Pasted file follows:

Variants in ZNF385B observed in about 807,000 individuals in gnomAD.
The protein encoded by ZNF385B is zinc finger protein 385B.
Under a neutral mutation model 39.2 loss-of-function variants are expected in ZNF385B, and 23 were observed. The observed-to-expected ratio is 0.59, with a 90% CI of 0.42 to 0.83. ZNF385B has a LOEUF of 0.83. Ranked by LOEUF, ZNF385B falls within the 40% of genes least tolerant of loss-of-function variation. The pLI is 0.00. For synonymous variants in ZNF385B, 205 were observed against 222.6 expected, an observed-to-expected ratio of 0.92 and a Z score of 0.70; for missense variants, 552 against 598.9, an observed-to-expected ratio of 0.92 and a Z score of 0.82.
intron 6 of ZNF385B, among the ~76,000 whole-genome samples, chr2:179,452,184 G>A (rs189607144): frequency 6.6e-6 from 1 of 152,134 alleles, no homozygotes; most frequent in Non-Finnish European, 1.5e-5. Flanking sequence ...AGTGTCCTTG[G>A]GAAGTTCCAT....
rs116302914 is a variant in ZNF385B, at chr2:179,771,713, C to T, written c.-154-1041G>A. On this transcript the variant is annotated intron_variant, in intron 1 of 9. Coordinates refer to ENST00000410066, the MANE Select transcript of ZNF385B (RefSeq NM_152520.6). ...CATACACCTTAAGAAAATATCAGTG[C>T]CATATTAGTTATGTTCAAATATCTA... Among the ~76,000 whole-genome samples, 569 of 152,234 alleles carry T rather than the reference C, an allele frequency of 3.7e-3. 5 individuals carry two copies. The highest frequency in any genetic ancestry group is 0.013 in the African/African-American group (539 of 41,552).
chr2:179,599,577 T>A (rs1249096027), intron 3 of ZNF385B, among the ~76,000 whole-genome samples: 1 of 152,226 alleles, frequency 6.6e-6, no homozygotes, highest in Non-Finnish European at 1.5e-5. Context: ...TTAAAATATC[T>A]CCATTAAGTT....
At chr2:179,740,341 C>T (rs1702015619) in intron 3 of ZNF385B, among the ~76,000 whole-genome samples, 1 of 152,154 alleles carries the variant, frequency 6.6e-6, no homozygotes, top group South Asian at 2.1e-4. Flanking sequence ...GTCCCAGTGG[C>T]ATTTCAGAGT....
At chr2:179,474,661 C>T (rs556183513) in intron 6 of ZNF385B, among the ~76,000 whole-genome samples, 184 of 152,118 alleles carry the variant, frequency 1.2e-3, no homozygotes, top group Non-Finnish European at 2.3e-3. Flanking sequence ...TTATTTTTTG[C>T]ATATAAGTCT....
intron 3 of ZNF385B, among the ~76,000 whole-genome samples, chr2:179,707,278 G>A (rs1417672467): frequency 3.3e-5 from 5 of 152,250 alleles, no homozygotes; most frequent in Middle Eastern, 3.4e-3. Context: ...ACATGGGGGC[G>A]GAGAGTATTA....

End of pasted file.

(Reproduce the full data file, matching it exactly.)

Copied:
Variants in ZNF385B observed in about 807,000 individuals in gnomAD.
The protein encoded by ZNF385B is zinc finger protein 385B.
Under a neutral mutation model 39.2 loss-of-function variants are expected in ZNF385B, and 23 were observed. The observed-to-expected ratio is 0.59, with a 90% CI of 0.42 to 0.83. ZNF385B has a LOEUF of 0.83. Ranked by LOEUF, ZNF385B falls within the 40% of genes least tolerant of loss-of-function variation. The pLI is 0.00. For synonymous variants in ZNF385B, 205 were observed against 222.6 expected, an observed-to-expected ratio of 0.92 and a Z score of 0.70; for missense variants, 552 against 598.9, an observed-to-expected ratio of 0.92 and a Z score of 0.82.
intron 6 of ZNF385B, among the ~76,000 whole-genome samples, chr2:179,452,184 G>A (rs189607144): frequency 6.6e-6 from 1 of 152,134 alleles, no homozygotes; most frequent in Non-Finnish European, 1.5e-5. Flanking sequence ...AGTGTCCTTG[G>A]GAAGTTCCAT....
rs116302914 is a variant in ZNF385B, at chr2:179,771,713, C to T, written c.-154-1041G>A. On this transcript the variant is annotated intron_variant, in intron 1 of 9. Coordinates refer to ENST00000410066, the MANE Select transcript of ZNF385B (RefSeq NM_152520.6). ...CATACACCTTAAGAAAATATCAGTG[C>T]CATATTAGTTATGTTCAAATATCTA... Among the ~76,000 whole-genome samples, 569 of 152,234 alleles carry T rather than the reference C, an allele frequency of 3.7e-3. 5 individuals carry two copies. The highest frequency in any genetic ancestry group is 0.013 in the African/African-American group (539 of 41,552).
chr2:179,599,577 T>A (rs1249096027), intron 3 of ZNF385B, among the ~76,000 whole-genome samples: 1 of 152,226 alleles, frequency 6.6e-6, no homozygotes, highest in Non-Finnish European at 1.5e-5. Context: ...TTAAAATATC[T>A]CCATTAAGTT....
At chr2:179,740,341 C>T (rs1702015619) in intron 3 of ZNF385B, among the ~76,000 whole-genome samples, 1 of 152,154 alleles carries the variant, frequency 6.6e-6, no homozygotes, top group South Asian at 2.1e-4. Flanking sequence ...GTCCCAGTGG[C>T]ATTTCAGAGT....
At chr2:179,474,661 C>T (rs556183513) in intron 6 of ZNF385B, among the ~76,000 whole-genome samples, 184 of 152,118 alleles carry the variant, frequency 1.2e-3, no homozygotes, top group Non-Finnish European at 2.3e-3. Flanking sequence ...TTATTTTTTG[C>T]ATATAAGTCT....
intron 3 of ZNF385B, among the ~76,000 whole-genome samples, chr2:179,707,278 G>A (rs1417672467): frequency 3.3e-5 from 5 of 152,250 alleles, no homozygotes; most frequent in Middle Eastern, 3.4e-3. Context: ...ACATGGGGGC[G>A]GAGAGTATTA....